In cases where an author's secret key is individually provided to the user and the author and user are co-operating, that additional layer of protection is real. However, in the case of IP protection, where the author and user aren't necessarily co-operating and we also wish to provide ease-of-use, the use of an IP author created secret key provides no extra protection. Any methods that would allow an IP author to transmit a key to a user without having direct access to their EDA tools would also allow the user to retransmit the key, unless steps are taken to restrict who can use the key. Such steps would essentially involve license management. We hope to simplify the problem of license management by separating its enforcement from decryption. Therefore the use of an IP author secret key adds no additional security and will not be recommended.


This use case is intended for use in communicating between an IP provider and a tool which does not have a published public key. As with all of the recommended use cases described in this recommendation, the underlying data is assumed to be encrypted with a symmetric encoding for reasons of performance and cross tool transportability.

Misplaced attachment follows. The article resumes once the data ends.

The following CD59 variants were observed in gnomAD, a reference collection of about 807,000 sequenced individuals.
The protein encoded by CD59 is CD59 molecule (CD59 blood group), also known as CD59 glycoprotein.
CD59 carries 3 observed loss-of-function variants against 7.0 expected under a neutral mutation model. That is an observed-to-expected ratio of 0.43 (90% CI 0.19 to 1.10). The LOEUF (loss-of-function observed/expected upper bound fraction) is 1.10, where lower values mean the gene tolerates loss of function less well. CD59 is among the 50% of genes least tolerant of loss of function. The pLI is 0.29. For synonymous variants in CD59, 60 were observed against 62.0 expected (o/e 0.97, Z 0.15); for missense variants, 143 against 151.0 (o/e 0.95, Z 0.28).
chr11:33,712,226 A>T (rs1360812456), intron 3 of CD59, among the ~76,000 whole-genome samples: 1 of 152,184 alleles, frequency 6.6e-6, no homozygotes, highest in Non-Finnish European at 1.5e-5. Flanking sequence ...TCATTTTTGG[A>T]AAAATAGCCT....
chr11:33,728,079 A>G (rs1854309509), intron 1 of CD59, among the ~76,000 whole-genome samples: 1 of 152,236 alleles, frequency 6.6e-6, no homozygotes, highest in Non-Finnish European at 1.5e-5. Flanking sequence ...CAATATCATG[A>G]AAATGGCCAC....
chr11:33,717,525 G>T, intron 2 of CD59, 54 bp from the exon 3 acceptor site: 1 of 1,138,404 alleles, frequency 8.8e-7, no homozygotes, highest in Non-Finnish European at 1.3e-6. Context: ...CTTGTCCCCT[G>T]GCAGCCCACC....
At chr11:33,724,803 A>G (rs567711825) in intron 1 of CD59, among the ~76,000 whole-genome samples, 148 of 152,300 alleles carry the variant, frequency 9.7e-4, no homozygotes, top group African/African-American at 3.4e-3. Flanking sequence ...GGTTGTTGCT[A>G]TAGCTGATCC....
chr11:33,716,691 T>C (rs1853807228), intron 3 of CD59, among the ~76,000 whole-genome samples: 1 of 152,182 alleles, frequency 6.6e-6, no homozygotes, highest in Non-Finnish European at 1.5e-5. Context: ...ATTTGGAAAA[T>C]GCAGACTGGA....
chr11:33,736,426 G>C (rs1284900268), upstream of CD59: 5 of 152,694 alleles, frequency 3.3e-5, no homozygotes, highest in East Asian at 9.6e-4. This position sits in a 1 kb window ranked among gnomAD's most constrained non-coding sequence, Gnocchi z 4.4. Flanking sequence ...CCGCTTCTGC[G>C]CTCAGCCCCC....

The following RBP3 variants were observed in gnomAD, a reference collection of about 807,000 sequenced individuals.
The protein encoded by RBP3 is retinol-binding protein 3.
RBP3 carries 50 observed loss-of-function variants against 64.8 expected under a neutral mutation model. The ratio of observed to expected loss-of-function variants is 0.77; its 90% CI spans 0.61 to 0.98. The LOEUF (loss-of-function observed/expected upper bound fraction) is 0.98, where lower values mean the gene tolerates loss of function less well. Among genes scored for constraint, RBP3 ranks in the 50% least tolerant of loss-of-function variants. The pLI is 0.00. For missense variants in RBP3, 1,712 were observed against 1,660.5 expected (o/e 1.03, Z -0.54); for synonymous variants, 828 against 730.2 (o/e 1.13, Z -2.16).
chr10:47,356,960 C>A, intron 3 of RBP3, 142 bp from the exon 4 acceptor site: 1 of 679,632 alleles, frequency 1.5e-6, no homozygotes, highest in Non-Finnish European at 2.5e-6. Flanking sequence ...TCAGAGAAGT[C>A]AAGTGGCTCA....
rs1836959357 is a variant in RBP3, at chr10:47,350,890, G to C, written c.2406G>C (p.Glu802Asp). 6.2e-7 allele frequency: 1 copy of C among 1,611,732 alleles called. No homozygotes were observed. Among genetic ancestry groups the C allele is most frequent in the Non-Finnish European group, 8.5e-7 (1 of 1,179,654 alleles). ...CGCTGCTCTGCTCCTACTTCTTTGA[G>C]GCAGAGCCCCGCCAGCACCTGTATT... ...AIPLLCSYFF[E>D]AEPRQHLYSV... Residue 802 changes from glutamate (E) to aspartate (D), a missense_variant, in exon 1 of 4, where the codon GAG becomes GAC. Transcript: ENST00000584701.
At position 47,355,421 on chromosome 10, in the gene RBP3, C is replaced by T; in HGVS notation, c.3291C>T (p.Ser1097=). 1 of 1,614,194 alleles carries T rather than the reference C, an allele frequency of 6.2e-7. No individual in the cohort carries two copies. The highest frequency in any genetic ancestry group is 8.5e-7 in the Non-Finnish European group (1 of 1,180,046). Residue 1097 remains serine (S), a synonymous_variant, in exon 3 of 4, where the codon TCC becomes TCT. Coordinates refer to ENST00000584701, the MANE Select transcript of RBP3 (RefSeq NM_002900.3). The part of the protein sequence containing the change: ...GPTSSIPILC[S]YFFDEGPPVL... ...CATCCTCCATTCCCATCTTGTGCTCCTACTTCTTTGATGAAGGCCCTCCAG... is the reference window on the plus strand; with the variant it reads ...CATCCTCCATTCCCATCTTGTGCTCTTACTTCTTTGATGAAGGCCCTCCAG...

This use case facilitates providing encrypted IP to users with tools that differ from the IP author's tool. It involves an IP author, one or more IP users, and their trusted/certified decryption-enabled tools. A key exchange method is also required to transfer the IP author's decryption key (a secret key for symmetrical ciphers, a private key for asymmetrical ciphers) to each IP user's decryption-enabled tools.

The IP is encrypted with the public or secret key of the IP author; the key is securely provided to the decryption-enabled tool via a key exchange method if not already available to the tool within a secure local database; the file is sent to each IP user. The IP user executes the file using the decryption-enabled tool, which decrypts the file using the IP author's private or secret key. This method may be used for a key block within a digital envelope.

The key exchange method requires that each decryption-enabled tool vendor provides a key exchange utility (e.g. an executable) to IP authors that accepts a privet or secret key and creates an encrypted package that contains that key, and is readable only by that vendor's tools. The IP author uses the key exchange utility to package the IP author's private or secret key for an IP user's decryption-enabled tool and sends the package (via any distribution mechanism) to the IP user. The IP user instructs his decryption-enabled tool to read the package into a secure local key repository.

-- StevenDovich - 02 Jul 2008

Topic revision: r5 - 2011-09-30 - 19:30:04 - JohnShields